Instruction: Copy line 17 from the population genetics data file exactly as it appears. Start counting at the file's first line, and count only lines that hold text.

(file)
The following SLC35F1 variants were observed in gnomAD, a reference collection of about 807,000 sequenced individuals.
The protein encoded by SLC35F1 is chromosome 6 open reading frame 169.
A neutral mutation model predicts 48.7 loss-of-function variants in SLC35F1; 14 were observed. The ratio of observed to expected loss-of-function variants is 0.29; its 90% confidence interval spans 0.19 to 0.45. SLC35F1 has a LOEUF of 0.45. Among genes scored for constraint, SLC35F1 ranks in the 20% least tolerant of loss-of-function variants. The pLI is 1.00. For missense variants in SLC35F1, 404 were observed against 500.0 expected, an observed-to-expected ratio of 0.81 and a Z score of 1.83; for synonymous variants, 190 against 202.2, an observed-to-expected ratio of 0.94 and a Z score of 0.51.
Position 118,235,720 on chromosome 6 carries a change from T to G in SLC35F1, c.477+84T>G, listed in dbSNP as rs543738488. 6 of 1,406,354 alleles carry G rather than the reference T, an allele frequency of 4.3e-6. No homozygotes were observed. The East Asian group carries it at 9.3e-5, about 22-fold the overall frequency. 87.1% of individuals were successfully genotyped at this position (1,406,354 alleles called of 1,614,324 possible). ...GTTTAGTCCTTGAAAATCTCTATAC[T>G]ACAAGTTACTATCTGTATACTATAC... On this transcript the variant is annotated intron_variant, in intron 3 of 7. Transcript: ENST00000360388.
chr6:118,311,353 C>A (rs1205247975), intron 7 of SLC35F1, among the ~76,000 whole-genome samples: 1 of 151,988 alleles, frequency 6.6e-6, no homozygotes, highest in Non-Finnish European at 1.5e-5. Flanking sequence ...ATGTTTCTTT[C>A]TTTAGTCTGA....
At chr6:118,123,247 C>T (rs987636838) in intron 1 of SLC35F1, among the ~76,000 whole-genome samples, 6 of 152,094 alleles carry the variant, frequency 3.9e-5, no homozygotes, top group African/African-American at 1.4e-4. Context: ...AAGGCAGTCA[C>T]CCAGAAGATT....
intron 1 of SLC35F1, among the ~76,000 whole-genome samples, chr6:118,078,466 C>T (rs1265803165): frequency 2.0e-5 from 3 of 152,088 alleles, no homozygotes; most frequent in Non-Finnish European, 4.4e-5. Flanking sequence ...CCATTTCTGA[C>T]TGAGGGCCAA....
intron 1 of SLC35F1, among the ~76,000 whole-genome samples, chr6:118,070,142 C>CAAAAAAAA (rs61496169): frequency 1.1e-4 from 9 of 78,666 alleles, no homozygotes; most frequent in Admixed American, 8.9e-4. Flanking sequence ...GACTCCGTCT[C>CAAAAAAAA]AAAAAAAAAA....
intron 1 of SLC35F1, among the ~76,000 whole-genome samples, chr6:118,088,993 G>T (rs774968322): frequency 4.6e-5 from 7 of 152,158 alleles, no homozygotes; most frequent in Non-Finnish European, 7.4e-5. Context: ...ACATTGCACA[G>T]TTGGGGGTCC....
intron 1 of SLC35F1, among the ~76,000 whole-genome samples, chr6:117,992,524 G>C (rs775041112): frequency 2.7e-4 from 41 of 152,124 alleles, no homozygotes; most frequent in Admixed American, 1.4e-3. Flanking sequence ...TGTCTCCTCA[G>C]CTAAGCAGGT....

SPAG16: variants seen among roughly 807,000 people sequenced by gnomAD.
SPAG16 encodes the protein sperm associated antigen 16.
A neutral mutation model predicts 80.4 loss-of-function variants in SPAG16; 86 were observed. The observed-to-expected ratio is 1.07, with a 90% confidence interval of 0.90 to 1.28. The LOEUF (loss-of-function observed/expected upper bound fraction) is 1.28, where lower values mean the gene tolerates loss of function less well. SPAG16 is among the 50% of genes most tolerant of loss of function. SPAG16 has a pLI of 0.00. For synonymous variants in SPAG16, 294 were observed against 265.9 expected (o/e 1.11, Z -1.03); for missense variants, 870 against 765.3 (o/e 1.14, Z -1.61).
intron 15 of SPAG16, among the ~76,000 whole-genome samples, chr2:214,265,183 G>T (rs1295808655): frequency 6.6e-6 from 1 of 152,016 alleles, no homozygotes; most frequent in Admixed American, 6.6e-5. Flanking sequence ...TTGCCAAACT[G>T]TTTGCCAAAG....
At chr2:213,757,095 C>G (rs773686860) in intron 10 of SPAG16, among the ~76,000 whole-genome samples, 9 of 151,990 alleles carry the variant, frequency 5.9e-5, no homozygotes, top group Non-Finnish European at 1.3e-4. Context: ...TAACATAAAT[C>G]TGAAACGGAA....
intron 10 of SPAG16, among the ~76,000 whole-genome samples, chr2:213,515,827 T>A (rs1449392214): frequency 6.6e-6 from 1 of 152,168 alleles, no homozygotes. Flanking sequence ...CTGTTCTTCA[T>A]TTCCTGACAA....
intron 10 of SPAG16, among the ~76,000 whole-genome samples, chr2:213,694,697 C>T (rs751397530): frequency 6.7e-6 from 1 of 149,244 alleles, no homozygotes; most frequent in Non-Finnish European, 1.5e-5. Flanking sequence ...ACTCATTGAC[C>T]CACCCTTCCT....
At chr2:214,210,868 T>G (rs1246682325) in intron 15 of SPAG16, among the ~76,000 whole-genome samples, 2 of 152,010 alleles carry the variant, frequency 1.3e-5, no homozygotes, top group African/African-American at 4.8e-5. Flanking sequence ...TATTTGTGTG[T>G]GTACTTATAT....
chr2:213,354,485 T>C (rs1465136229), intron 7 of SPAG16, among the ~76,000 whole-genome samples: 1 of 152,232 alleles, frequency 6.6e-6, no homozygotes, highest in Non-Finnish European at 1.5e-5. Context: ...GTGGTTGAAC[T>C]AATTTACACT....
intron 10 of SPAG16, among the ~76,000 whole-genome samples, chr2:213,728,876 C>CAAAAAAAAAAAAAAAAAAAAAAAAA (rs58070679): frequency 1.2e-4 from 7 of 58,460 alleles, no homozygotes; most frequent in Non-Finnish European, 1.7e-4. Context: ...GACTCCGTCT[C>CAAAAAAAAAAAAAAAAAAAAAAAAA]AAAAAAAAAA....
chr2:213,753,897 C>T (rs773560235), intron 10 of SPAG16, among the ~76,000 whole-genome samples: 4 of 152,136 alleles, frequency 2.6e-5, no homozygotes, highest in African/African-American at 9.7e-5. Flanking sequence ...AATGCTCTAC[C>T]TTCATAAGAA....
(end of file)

intron 10 of SPAG16, among the ~76,000 whole-genome samples, chr2:213,694,697 C>T (rs751397530): frequency 6.7e-6 from 1 of 149,244 alleles, no homozygotes; most frequent in Non-Finnish European, 1.5e-5. Flanking sequence ...ACTCATTGAC[C>T]CACCCTTCCT....